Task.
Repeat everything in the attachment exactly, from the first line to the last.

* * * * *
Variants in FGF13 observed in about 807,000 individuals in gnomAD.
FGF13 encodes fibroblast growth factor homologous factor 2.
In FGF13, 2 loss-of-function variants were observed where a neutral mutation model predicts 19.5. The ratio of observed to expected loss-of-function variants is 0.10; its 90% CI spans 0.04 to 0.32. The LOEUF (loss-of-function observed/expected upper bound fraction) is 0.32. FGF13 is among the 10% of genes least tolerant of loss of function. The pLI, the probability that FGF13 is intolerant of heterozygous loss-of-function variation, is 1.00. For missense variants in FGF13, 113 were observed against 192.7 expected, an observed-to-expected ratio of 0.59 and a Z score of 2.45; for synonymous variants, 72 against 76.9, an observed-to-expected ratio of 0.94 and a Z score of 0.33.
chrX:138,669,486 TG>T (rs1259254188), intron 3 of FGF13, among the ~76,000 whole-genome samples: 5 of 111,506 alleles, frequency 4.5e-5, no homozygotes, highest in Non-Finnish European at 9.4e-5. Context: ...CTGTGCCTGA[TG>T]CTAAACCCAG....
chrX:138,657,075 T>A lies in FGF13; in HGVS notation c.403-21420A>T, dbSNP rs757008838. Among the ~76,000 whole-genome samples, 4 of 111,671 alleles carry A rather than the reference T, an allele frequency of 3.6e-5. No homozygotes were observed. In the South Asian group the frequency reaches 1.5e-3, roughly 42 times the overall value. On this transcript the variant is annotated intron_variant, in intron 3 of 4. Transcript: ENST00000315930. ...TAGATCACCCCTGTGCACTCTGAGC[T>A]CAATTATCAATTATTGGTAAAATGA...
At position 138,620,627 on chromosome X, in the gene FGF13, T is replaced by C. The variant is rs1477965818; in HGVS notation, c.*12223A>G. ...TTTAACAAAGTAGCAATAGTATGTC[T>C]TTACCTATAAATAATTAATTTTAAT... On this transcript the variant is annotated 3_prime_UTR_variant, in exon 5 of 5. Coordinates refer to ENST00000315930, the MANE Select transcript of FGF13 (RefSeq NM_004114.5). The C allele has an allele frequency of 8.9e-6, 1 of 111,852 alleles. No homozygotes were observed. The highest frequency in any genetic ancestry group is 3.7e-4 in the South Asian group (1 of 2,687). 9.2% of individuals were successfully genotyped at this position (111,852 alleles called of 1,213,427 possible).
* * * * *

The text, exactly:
Variants in FGF13 observed in about 807,000 individuals in gnomAD.
FGF13 encodes fibroblast growth factor homologous factor 2.
In FGF13, 2 loss-of-function variants were observed where a neutral mutation model predicts 19.5. The ratio of observed to expected loss-of-function variants is 0.10; its 90% CI spans 0.04 to 0.32. The LOEUF (loss-of-function observed/expected upper bound fraction) is 0.32. FGF13 is among the 10% of genes least tolerant of loss of function. The pLI, the probability that FGF13 is intolerant of heterozygous loss-of-function variation, is 1.00. For missense variants in FGF13, 113 were observed against 192.7 expected, an observed-to-expected ratio of 0.59 and a Z score of 2.45; for synonymous variants, 72 against 76.9, an observed-to-expected ratio of 0.94 and a Z score of 0.33.
chrX:138,669,486 TG>T (rs1259254188), intron 3 of FGF13, among the ~76,000 whole-genome samples: 5 of 111,506 alleles, frequency 4.5e-5, no homozygotes, highest in Non-Finnish European at 9.4e-5. Context: ...CTGTGCCTGA[TG>T]CTAAACCCAG....
chrX:138,657,075 T>A lies in FGF13; in HGVS notation c.403-21420A>T, dbSNP rs757008838. Among the ~76,000 whole-genome samples, 4 of 111,671 alleles carry A rather than the reference T, an allele frequency of 3.6e-5. No homozygotes were observed. In the South Asian group the frequency reaches 1.5e-3, roughly 42 times the overall value. On this transcript the variant is annotated intron_variant, in intron 3 of 4. Transcript: ENST00000315930. ...TAGATCACCCCTGTGCACTCTGAGC[T>A]CAATTATCAATTATTGGTAAAATGA...
At position 138,620,627 on chromosome X, in the gene FGF13, T is replaced by C. The variant is rs1477965818; in HGVS notation, c.*12223A>G. ...TTTAACAAAGTAGCAATAGTATGTC[T>C]TTACCTATAAATAATTAATTTTAAT... On this transcript the variant is annotated 3_prime_UTR_variant, in exon 5 of 5. Coordinates refer to ENST00000315930, the MANE Select transcript of FGF13 (RefSeq NM_004114.5). The C allele has an allele frequency of 8.9e-6, 1 of 111,852 alleles. No homozygotes were observed. The highest frequency in any genetic ancestry group is 3.7e-4 in the South Asian group (1 of 2,687). 9.2% of individuals were successfully genotyped at this position (111,852 alleles called of 1,213,427 possible).